Five Minute Friday: Lost to be Found

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Five Minute Friday is a link-up where you free write for 5 minutes on the topic. This week’s topic is Find. Find other blogger’s interpretations here.

Five minutes is not a lot of time (and I write slow).

My 5 minute free write: (and…GO!)

Find.

The word indicates lost, missing, separation.

How can you find something unless it was not there before? So when we were lost, but now we are found in God’s family, that means we were not always there. Forget the cutesy junk about us all being God’s children and how all humans will make it to heaven. If that were so, we would never need to be found. (We would have never been missing in the first place.)

But when we were rebels, running from the very best thing, running from the loving God who created us, He came to find us.

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Willing to Listen

It is hard in our noisy world to find someone willing to listen. It is hard to be that person, listening. And when you spend so much of your time listening to hard stories from little lips, you find yourself needing someone to listen to YOU for once.

Earlier this year I realized how much I longed to talk to someone who “got it”. I joined a couple of foster care support groups on facebook.* What a difference! In my feed I now had real questions and issues to be addressed. There were foster parents sharing encouraging stories about a kiddo’s progress. To be honest, I was just proud of the fact that I knew their abbreviations. It was like I fit right in to a secret club. 🙂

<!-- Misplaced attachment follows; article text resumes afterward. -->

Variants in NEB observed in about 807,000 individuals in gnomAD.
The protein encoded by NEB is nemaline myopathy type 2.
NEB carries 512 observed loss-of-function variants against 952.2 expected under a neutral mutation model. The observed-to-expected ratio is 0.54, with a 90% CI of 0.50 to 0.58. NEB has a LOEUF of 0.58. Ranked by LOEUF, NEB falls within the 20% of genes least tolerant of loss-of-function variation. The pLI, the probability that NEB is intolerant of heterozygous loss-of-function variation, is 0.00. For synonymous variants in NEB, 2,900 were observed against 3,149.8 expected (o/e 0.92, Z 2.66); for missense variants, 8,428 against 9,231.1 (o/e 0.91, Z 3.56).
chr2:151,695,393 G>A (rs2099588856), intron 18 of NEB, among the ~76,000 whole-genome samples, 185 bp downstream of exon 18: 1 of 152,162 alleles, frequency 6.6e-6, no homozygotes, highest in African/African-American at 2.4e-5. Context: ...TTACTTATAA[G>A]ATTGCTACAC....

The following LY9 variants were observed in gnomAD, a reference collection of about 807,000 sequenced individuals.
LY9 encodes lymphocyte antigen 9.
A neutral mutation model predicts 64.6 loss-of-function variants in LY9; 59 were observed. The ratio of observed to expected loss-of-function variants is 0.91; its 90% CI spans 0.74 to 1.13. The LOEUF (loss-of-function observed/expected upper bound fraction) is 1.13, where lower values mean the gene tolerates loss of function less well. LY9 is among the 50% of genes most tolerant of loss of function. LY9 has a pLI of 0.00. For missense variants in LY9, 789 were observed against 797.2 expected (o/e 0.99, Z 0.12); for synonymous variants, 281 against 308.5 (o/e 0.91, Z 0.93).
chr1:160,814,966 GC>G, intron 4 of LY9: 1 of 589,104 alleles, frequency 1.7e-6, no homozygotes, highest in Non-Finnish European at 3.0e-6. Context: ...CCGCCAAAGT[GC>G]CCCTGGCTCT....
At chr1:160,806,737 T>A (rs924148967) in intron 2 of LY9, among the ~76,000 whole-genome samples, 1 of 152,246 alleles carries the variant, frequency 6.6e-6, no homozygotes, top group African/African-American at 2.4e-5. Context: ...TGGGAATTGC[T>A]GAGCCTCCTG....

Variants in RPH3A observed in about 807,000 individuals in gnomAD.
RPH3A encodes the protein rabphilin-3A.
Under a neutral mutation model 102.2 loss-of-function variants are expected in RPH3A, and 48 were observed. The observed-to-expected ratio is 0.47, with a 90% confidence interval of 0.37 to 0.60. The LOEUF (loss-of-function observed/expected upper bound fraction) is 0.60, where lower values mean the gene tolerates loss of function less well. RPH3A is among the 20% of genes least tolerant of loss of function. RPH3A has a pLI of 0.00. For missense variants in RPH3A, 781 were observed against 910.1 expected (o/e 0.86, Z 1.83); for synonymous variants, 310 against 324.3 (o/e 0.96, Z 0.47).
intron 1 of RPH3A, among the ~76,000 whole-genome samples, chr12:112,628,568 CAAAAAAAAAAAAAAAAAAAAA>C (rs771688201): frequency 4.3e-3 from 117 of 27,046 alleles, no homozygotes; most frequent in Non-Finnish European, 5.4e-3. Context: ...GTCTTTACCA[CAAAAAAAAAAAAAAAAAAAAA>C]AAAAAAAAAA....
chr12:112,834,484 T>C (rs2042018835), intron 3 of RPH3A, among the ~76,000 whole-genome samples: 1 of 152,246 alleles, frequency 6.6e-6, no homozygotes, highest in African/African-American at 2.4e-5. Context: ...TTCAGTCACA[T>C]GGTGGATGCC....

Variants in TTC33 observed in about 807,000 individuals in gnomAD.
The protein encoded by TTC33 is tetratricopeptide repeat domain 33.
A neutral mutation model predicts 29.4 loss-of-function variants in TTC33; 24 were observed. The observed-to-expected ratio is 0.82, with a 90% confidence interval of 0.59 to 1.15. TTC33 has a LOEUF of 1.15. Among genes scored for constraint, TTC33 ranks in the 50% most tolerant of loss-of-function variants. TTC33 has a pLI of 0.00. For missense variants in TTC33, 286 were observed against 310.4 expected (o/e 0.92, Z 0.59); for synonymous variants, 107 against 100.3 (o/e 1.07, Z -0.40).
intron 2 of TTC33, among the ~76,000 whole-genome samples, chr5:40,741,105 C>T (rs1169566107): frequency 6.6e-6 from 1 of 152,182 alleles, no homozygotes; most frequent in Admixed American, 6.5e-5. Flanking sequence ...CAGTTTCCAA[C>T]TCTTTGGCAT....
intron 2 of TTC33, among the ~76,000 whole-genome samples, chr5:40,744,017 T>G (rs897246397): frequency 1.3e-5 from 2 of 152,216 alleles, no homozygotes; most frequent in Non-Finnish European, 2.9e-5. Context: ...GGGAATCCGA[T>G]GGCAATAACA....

After introducing myself to the group, I got a message. It was from an editor of a foster care magazine. The editor asked if I would be willing to write an article for the magazine from the perspective of a biological child of foster parents. I jumped from my seat. Someone actually wanted to hear what I had to say? Someone was asking me to talk more about foster care???

Keep Reading >

Realities (from Vermont)

On Friday a worker for the Department of Children and Families in Vermont was fatally shot. The shooter appears to be a mother who was angry about losing custody of her child. The social worker left behind her own two daughters and husband.

It is a tragedy, happening in a parking lot near the state courthouse. It is also a reality social workers and other family workers face everyday. They often have no idea what they are stepping into when they go to a home to check on a child.

…Just keeping in mind that social workers have a hard job; but a job that is needed and changes many people’s lives for the better.

Read the story here >

Life. Observed.

Life: humans, their stories, histories, ordinary-beautiful-everyday occurrences.

Observed: seen, recorded, recognized, honored.

“Life” is a broad topic, so let me narrow it down. My life is entwined in the workings of foster care. I am a biological child of a foster and adoptive family. The people I see- foster children, biological parents, social workers, guardian ad litems, etc, and the processes of the system- emergency placements, reunification, adoption, visits, court hearings, etc, are everyday things for me. It is a life different from others (each of our lives are) but one I hope to share with you here, at Life. Observed.